UK’s former chief construction advisor to co-chair review following shocking evidence at Grenfell Inquiry

Paul Morrell has been announced as the co-chair of a government review into the testing of construction products following shocking disclosures from materials manufacturers at the Grenfell Inquiry.

Morrell, who was the government’s first chief construction advisor under Gordon Brown and David Cameron, will lead the independent review alongside legal expert in construction Anneliese Day QC.

The review, announced earlier this year, will examine how to strengthen the current system for testing construction products to provide confidence that these materials are safe and perform as marketed.

Housing secretary Robert Jenrick said the review was prompted by evidence heard during the Grenfell Inquiry which suggested that some of the UK’s leading construction product manufacturers, including Kingspan, Celotex and Arconic, had “gamed the system” for getting combustible materials certified as safe under current testing regimes.


Paul Morrell was the UK’s first chief construction advisor between 2009 and 2012

Jenrick said: “The Grenfell Tower Inquiry has heard deeply concerning suggestions that some construction product manufacturers may have gamed the system for testing these materials and compromised the safety of residents.

“We are taking these allegations very seriously and will await the Inquiry’s final recommendations – but it is clear that action is needed now to ensure products used on buildings always meet the highest safety standards.”

The review panel will engage with stakeholders to seek their views on how the system of safety testing of construction products could be improved and will report later this year with its recommendations.

The government has already announced that a new National Regulator for Construction Products will be established within the Office of Product Safety and Standards and be given powers to remove any product from the market that presents a significant safety risk.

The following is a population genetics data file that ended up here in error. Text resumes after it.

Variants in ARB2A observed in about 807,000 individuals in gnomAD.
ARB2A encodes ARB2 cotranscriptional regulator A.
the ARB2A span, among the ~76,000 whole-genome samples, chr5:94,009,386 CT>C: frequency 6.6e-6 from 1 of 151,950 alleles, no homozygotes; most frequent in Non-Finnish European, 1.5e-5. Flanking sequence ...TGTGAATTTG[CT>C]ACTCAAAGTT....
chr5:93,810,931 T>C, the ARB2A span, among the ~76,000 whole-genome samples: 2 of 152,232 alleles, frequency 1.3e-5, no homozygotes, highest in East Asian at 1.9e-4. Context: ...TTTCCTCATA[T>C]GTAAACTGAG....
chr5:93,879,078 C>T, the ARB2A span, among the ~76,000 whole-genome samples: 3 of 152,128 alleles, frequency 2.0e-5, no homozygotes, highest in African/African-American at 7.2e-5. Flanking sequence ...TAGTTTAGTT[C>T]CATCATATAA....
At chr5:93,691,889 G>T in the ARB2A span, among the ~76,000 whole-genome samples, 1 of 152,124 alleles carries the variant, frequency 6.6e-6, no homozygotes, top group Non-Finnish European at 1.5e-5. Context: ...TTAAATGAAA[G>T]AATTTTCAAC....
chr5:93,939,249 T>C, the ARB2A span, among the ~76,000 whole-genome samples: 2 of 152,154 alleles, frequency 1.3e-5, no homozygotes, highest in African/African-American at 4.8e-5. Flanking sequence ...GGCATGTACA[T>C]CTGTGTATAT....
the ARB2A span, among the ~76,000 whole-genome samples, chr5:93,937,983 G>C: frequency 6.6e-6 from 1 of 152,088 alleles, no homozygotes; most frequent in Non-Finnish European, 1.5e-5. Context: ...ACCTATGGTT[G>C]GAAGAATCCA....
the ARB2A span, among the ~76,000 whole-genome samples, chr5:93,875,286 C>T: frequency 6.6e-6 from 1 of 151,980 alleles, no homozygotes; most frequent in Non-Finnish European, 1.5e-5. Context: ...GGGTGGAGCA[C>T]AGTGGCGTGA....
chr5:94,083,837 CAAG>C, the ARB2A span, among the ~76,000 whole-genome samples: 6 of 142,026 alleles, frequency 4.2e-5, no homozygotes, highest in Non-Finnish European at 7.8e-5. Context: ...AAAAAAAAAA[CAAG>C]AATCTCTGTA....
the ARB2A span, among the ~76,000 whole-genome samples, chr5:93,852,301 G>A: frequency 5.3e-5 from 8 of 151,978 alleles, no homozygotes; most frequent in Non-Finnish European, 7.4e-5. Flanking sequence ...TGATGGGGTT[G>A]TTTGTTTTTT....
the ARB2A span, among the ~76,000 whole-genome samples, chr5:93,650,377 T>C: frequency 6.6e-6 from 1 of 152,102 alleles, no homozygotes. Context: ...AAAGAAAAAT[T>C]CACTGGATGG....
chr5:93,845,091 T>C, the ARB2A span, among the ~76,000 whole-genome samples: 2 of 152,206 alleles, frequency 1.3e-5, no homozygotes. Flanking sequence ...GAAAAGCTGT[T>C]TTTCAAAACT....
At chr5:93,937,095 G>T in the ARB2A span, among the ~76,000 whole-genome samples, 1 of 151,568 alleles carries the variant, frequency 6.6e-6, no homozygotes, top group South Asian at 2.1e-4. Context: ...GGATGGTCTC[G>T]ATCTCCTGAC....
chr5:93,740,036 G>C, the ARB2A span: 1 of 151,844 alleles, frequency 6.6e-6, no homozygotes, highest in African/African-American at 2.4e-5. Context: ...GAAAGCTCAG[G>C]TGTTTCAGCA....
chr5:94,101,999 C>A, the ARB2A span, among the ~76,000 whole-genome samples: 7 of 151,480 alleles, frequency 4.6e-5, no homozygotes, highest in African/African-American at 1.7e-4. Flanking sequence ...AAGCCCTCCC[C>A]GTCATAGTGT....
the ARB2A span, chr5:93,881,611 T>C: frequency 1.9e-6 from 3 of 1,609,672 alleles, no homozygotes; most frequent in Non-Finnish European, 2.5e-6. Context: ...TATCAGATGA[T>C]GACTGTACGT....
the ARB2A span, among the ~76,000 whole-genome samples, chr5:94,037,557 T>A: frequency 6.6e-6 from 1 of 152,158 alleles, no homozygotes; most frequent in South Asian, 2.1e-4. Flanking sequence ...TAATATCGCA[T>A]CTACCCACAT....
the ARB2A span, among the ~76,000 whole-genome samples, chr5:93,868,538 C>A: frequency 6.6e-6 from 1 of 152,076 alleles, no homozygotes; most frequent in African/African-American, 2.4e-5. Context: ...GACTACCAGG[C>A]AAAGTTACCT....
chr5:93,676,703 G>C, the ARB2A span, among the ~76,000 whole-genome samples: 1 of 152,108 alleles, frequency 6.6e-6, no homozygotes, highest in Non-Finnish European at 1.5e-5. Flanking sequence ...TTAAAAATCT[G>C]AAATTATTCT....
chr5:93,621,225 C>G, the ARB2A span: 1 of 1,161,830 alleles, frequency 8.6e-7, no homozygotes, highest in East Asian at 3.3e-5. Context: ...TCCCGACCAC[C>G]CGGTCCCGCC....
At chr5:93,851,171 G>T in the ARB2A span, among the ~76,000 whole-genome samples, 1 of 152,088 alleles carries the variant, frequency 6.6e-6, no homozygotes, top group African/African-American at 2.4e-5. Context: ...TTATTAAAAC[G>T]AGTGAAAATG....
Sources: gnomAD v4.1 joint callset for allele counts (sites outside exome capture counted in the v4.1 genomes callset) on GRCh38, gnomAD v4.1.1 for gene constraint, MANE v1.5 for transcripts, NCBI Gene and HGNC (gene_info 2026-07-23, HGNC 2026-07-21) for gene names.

It will also have the power to prosecute and fine any company that breaks the rules. 

The second module of phase 2 of the Grenfell Inquiry, which ran from November 2020 to March this year, heard evidence from the manufacturers of the materials used in the cladding of Grenfell Tower which has been found to be the primary cause of the disastrous fire which claimed 72 lives in June 2017.

The module heard how one of the products, Celotex’s RS5000 insulation, had actually been the same as a combustible insulation product which the firm had rebranded as safe for use on high rise buildings after rigging a fire test.

The inquiry was told how another product, Kingspan’s K15 insulation, had been marketed as safe for use above 18m for nearly 15 years based on a test report of a different product, with one witness claiming the discrepancy between the product’s test report and what was being sold on the market was “common knowledge” at the firm.

And Arconic, which supplied the tower’s ACM cladding panels, had obtained a certificate for its Reynobond PE product by providing certifier the British Board of Agrément with test evidence of a different version of the product.